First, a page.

The California economy remains on life support. The official unemployment rate, second lowest only to Nevada, is at 11.7 percent. But even this dismal number understates the problem for real people. The unemployment index is based on surveying selected households to determine the numbers of unemployed who have been looking for work in the last four weeks. Not counted are those who work part time but want to work more, or those who have given up trying to find a job. When these are included, the real unemployment rate (also known as the “U-6” rate) is closer to 20 percent.
Compounding the problem, of course, is the fact that the job creators, tired of high taxes and suffocating regulations, continue to flee the state. When was the last time we’ve heard of a major business relocating to California or even an existing business in the state planning a major expansion? (Solyndra and other rent-seeking corporations that rely on government subsidies don’t count as true private sector participants.)
Ignoring this grim reality, the majority of Sacramento politicians, backed by those who rely on government, elect to bayonet the wounded, prostrate body of our economy by pursuing new ways to raise taxes.
When it comes to taxes, California ranks first, second or third in almost every category. Even with Proposition 13, which the political class reviles, the state ranks 14th in its per capita property tax burden. But to those who run government, the paramount goal is for those on the inside to survive and prosper, no matter the collateral damage inflicted on the private sector.
Gov. Brown, Democrats in the Legislature and government employee union leaders are huddling together and drawing up plans for major tax increases that would appear on the November 2012 ballot, when they are expecting a good turnout of “low information voters,” those most easily swayed by simplistic arguments paid for by expensive political ads. They are examining every revenue raising possibility, searching for new taxes against which taxpayers will be able to put up the least resistance. Already being considered are new sales taxes and income taxes, but they know from polling that these are not likely to go over well with voters who must contend daily with the adverse impact of our weak economy. For those grasping for more taxpayer dollars, new taxes on millionaires has allure — the state already imposes a 1 percent surcharge on those making over $1 million — but the state’s most powerful public employee union, the California Teachers Association, has expressed concern that this will not raise enough money. It will not be surprising if the union comes up with a plan to classify average folks as rich so their taxes can be increased along with those of the wealthy.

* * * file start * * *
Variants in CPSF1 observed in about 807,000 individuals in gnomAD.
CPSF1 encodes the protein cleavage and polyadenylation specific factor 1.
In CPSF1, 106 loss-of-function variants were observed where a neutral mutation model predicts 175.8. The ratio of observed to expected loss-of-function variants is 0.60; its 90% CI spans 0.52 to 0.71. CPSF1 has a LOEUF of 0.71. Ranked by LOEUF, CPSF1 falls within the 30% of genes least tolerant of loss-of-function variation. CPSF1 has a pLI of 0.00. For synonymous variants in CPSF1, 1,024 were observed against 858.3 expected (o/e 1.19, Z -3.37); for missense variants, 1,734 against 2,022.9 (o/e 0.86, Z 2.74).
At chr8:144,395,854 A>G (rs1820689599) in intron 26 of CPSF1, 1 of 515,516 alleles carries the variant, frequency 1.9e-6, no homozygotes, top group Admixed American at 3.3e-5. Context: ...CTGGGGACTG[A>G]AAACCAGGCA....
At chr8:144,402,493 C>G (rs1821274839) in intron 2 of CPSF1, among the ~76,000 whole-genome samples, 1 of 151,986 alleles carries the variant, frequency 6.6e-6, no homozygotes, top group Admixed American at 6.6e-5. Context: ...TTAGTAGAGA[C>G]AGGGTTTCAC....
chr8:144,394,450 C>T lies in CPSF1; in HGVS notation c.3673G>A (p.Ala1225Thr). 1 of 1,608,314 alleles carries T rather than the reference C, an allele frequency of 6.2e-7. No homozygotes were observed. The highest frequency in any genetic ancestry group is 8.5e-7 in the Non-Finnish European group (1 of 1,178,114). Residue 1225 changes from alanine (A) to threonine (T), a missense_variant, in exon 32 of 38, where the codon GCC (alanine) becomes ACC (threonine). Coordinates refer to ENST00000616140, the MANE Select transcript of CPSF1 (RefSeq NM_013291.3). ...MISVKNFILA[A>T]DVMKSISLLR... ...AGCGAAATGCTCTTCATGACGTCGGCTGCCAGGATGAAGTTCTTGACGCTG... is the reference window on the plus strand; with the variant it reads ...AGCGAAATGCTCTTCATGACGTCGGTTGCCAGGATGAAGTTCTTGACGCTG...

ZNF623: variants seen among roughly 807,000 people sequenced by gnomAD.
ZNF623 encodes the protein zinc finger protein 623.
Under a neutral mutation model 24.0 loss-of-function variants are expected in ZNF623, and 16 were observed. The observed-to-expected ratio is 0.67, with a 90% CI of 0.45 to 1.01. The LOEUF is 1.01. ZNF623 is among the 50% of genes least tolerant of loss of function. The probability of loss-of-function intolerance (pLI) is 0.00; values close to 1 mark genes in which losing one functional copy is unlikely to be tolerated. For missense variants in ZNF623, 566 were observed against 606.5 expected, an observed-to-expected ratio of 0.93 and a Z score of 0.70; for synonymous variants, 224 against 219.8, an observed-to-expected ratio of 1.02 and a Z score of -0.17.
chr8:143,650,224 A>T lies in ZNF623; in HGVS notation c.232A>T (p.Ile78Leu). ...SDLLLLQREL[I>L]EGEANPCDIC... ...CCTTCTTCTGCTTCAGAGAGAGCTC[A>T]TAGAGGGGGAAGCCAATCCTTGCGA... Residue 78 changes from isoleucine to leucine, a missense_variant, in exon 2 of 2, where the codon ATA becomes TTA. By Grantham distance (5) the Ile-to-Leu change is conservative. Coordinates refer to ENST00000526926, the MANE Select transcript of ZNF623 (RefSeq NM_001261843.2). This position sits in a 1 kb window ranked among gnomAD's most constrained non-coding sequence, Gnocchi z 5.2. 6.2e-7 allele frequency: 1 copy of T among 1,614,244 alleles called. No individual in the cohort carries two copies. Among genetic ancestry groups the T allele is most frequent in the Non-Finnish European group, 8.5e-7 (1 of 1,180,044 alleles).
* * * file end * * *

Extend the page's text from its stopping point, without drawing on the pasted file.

Regardless of what form of new taxation is cooked up, it is clear the tax takers have no intention of giving the economy any breathing room. If they have their way, they will suffocate it with new taxes that steal much needed job-creating capital from the private marketplace.
Next year promises a political battle royal over tax issues. It won’t be pretty — maybe the Mayans knew something with their doomsday prediction for 2012. Any plan to transfer more money from the private sector into the hands of the state government bureaucracy is certain to be marketed with the same familiar arguments: rich people need to pay their fair share, the state’s budget deficit must be solved with an increase in taxes, critical programs will be cut beyond the bone without higher levies, and on and on.
Every effort will be made to portray those making a good living as “evil,” and undeserving of their incomes. But those to pay higher taxes could well include those making a little over $100,000, meaning those small business owners, who provide millions of jobs for those Californians still working. Nearly 80 percent of new jobs are created by small business. Raise their taxes and “help wanted” signs will disappear from shop and store windows throughout the state.
No matter how tempting it is to increase the tax burden on someone else, it is important not to lose track of the fact that higher state taxes will take precious dollars out of a wounded economy. Those dollars are the medicine businesses need to heal, and healing means hiring in a state where nothing is more important than getting people back to work.
California’s priority must be real jobs for real people, not the care and maintenance of well-fed Sacramento politicians and bureaucrats.
Jon Coupal is president of the Howard Jarvis Taxpayers Association — California’s largest grass-roots taxpayer organization dedicated to the protection of Proposition 13 and the advancement of taxpayers’ rights.